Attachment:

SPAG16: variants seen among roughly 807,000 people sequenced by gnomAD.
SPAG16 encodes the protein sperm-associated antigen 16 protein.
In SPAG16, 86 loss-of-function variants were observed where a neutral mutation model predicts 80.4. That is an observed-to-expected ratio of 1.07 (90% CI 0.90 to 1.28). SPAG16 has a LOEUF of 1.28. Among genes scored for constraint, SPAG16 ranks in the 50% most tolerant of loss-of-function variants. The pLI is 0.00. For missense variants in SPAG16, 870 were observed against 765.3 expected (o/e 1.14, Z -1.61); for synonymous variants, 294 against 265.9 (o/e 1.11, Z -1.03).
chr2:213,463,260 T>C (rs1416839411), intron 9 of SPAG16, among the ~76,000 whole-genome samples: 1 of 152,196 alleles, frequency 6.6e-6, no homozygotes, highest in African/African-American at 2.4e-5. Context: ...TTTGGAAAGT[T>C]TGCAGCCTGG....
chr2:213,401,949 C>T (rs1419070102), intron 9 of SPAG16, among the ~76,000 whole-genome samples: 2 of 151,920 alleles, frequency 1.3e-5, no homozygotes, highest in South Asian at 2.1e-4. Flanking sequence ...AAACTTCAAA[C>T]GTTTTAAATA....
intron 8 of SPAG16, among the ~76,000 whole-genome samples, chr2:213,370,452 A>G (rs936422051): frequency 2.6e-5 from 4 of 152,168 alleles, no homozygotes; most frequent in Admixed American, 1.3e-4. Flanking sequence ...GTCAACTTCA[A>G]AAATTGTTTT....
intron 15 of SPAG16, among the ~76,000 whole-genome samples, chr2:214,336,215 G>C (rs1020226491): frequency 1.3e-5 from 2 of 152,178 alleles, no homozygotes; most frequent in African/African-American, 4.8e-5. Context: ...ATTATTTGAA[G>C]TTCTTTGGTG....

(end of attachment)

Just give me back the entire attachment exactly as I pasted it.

SPAG16: variants seen among roughly 807,000 people sequenced by gnomAD.
SPAG16 encodes the protein sperm-associated antigen 16 protein.
In SPAG16, 86 loss-of-function variants were observed where a neutral mutation model predicts 80.4. That is an observed-to-expected ratio of 1.07 (90% CI 0.90 to 1.28). SPAG16 has a LOEUF of 1.28. Among genes scored for constraint, SPAG16 ranks in the 50% most tolerant of loss-of-function variants. The pLI is 0.00. For missense variants in SPAG16, 870 were observed against 765.3 expected (o/e 1.14, Z -1.61); for synonymous variants, 294 against 265.9 (o/e 1.11, Z -1.03).
chr2:213,463,260 T>C (rs1416839411), intron 9 of SPAG16, among the ~76,000 whole-genome samples: 1 of 152,196 alleles, frequency 6.6e-6, no homozygotes, highest in African/African-American at 2.4e-5. Context: ...TTTGGAAAGT[T>C]TGCAGCCTGG....
chr2:213,401,949 C>T (rs1419070102), intron 9 of SPAG16, among the ~76,000 whole-genome samples: 2 of 151,920 alleles, frequency 1.3e-5, no homozygotes, highest in South Asian at 2.1e-4. Flanking sequence ...AAACTTCAAA[C>T]GTTTTAAATA....
intron 8 of SPAG16, among the ~76,000 whole-genome samples, chr2:213,370,452 A>G (rs936422051): frequency 2.6e-5 from 4 of 152,168 alleles, no homozygotes; most frequent in Admixed American, 1.3e-4. Flanking sequence ...GTCAACTTCA[A>G]AAATTGTTTT....
intron 15 of SPAG16, among the ~76,000 whole-genome samples, chr2:214,336,215 G>C (rs1020226491): frequency 1.3e-5 from 2 of 152,178 alleles, no homozygotes; most frequent in African/African-American, 4.8e-5. Context: ...ATTATTTGAA[G>C]TTCTTTGGTG....